“A pervading theme which resonates at each wave of data collection in TILDA is the enormous contribution that adults aged 50 and over make to Irish society. This is evident both in the amount of care provided to others and in financial and other transfers. Contrary to perceptions, the overwhelming direction of transfers of time and financial assistance is to children and grandchildren.
For example, adults aged 54 years and over who have children are more likely to provide financial assistance to their children (48%) than receive financial help from them (3%). Furthermore, half of adults aged 54 to 64 years and 65 to 74 years provide regular childcare for their grandchildren for an average of 36 hours per month.
The high cost of formal childcare in Ireland often precludes mothers from returning to the workforce, therefore, grandparents who provide informal childcare enable many women to remain in the labour market when they have pre-school aged children. The social and economic value of this contribution spreads beyond the immediate family as it benefits the wider economy and society. In the main, the consequences of such transfers are better health and well-being for the provider.
For adults with living parents (14%), one quarter assisted their parent(s) with basic personal care while 43% provided help with other activities such as household chores, errands, shopping, and transportation. Half of older adults, with living parents, also provided financial help to their parent(s).
Adults aged 50 years and older in Ireland are the backbone of our volunteer structure with more than half volunteering during the previous year and 17% doing so at least once per week. Again, volunteering is significantly associated with better mood and quality of life as is regular social participation i.e. sports and social clubs. While many of these social activities are beneficial to the participants’ health and wellbeing, they also help form strong social networks and bonds.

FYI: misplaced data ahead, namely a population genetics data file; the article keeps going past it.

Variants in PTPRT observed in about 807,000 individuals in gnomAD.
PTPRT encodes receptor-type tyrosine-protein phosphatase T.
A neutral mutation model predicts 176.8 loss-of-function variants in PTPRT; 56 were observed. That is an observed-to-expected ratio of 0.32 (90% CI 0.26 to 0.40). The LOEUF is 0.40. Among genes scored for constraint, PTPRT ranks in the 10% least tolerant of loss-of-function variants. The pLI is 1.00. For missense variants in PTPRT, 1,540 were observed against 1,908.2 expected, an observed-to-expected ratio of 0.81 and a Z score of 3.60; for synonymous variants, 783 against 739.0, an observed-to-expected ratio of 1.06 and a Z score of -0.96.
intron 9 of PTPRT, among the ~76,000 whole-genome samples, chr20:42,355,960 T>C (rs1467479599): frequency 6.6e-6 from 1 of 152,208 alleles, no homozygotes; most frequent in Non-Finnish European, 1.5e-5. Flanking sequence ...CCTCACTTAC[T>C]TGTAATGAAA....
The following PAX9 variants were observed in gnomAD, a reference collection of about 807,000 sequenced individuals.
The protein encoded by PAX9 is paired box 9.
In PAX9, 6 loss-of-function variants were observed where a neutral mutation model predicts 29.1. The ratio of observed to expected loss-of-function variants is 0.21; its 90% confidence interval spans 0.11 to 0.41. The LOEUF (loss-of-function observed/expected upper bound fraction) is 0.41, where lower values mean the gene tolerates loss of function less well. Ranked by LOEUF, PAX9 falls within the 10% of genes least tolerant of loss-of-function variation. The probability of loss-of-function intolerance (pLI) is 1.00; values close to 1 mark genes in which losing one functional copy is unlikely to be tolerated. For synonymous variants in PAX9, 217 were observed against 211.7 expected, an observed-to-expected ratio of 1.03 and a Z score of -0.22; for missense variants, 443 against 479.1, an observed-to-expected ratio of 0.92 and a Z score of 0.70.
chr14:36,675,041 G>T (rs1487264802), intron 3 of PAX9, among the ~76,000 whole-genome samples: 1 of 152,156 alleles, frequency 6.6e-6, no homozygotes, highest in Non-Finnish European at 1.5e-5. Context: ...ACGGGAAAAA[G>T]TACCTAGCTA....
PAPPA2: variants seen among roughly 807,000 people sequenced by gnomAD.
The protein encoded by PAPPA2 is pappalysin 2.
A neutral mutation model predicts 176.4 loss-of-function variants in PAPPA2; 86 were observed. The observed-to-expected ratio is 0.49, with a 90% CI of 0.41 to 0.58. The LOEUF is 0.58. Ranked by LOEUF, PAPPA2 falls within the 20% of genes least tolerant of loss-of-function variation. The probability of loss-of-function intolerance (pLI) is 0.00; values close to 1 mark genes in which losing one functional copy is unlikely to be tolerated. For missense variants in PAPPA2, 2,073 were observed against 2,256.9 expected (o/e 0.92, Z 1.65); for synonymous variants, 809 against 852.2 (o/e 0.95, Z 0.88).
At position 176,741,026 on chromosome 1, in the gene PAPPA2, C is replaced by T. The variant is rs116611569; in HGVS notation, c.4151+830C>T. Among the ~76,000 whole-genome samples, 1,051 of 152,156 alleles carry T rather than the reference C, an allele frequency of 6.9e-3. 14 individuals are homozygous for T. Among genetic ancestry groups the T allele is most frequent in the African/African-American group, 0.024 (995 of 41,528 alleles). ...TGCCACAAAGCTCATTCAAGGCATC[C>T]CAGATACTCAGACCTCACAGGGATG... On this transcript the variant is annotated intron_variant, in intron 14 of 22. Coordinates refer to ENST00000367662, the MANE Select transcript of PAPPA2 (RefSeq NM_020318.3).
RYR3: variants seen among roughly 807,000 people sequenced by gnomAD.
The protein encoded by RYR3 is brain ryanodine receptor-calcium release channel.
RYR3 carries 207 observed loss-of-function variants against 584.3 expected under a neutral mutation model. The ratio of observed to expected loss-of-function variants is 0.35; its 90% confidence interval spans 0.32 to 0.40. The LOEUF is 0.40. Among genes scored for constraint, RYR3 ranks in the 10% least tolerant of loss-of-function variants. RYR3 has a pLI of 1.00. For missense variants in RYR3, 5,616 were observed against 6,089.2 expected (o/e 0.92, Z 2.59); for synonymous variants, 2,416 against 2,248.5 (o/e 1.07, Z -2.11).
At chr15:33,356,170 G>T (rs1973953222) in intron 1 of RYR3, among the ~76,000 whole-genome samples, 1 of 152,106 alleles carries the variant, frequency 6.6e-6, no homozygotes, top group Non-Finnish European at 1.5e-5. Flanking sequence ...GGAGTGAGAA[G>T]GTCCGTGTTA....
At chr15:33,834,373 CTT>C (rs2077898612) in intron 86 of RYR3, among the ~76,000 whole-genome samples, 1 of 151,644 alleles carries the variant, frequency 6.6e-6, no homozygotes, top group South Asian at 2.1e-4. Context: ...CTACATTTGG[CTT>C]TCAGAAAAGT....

Thus, we provide empirical support to the contention that, far from later years being a time characterised by decline and increased dependency, older adults continue to make valuable contributions to society, with many characterised by active citizenship and participation in the lives of their families and their communities.”
So take a bow older people! You are truly valued.
Setting a challenge
Now let me challenge you to be Elders in Ireland for a cause that we need to take more seriously – climate justice. In 2015, Ireland and over 190 other countries signed up to the 2030 Agenda, with its 17 sustainable development goals, and the Paris Climate Agreement. We are not yet on course to fulfil these commitments.
This is not just a responsibility of government, it is a responsibility of every household. I am sure that many of you grew up in a time when we were encouraged to be thrifty, to mend things and re-use them.
These are skills we need now, in becoming more energy efficient and learning to reduce, re-use and recycle.
As older people we need to think of the world we leave to younger generations. A child born in Ireland today will be 33 years old in 2050, and she will share the world with 9.8 billion people. How will that world have enough food, enough water, and live in social harmony?
This is why it is so urgent that we take steps now to reduce our emissions and move to renewable energy. It is a challenge we can meet, but everyone needs to be involved, and older people need to give a good lead.
Let me end by wishing Age Action Ireland another successful 25 years working on behalf of older people. As the old Irish proverb goes:
“Is ar scáth a chéile a mhaireann na daoine”